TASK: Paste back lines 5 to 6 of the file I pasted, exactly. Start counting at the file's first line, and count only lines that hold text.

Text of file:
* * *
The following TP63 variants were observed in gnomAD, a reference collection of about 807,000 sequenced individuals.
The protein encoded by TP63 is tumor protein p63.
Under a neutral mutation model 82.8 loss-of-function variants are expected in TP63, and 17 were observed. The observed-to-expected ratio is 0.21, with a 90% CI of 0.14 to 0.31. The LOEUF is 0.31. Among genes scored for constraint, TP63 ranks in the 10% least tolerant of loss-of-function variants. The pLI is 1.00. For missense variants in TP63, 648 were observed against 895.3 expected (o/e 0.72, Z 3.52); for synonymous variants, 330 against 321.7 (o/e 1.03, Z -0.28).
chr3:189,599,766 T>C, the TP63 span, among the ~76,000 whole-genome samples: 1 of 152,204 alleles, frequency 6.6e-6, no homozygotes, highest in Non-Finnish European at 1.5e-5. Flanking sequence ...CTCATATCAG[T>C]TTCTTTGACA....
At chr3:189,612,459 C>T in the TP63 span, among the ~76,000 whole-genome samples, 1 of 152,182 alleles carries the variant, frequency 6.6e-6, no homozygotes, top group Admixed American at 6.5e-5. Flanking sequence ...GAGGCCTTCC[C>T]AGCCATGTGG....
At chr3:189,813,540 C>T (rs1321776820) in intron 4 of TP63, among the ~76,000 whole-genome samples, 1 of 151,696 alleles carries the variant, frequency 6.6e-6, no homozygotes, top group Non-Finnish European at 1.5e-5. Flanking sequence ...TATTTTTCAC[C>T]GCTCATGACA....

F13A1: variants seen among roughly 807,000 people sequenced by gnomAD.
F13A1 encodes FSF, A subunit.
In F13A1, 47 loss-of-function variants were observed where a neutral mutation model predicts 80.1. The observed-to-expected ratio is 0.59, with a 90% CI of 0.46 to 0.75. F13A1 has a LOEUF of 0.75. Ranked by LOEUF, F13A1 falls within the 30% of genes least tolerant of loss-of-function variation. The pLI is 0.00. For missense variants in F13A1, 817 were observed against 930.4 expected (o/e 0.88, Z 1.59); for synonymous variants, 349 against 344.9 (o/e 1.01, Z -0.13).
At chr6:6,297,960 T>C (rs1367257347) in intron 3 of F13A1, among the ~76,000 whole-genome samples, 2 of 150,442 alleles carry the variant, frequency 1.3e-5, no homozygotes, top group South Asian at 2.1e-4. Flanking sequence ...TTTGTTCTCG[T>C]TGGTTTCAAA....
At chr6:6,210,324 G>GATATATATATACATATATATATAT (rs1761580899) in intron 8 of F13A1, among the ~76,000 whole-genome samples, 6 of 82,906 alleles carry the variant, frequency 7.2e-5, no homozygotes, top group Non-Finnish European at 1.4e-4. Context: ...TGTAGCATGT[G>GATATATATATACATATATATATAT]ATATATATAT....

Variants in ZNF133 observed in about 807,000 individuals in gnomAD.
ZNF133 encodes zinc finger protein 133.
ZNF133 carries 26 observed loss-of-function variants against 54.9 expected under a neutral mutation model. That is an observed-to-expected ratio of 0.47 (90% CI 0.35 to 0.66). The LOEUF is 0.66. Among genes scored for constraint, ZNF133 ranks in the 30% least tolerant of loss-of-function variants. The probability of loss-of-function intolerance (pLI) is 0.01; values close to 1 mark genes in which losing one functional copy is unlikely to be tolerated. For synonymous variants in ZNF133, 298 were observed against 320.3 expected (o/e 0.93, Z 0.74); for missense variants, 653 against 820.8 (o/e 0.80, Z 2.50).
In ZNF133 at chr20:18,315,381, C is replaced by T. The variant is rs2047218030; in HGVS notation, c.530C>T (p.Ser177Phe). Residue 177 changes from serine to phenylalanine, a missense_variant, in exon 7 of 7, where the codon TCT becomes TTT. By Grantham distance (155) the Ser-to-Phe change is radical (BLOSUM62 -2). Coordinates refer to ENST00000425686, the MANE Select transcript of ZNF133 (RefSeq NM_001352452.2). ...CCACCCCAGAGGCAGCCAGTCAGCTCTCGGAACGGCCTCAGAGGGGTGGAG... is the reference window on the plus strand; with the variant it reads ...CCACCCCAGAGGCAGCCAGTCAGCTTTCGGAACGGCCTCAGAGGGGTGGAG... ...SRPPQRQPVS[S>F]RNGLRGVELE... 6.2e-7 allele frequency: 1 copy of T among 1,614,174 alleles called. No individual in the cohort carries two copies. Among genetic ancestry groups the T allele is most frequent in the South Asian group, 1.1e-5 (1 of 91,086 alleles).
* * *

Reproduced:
At chr3:189,612,459 C>T in the TP63 span, among the ~76,000 whole-genome samples, 1 of 152,182 alleles carries the variant, frequency 6.6e-6, no homozygotes, top group Admixed American at 6.5e-5. Flanking sequence ...GAGGCCTTCC[C>T]AGCCATGTGG....
At chr3:189,813,540 C>T (rs1321776820) in intron 4 of TP63, among the ~76,000 whole-genome samples, 1 of 151,696 alleles carries the variant, frequency 6.6e-6, no homozygotes, top group Non-Finnish European at 1.5e-5. Flanking sequence ...TATTTTTCAC[C>T]GCTCATGACA....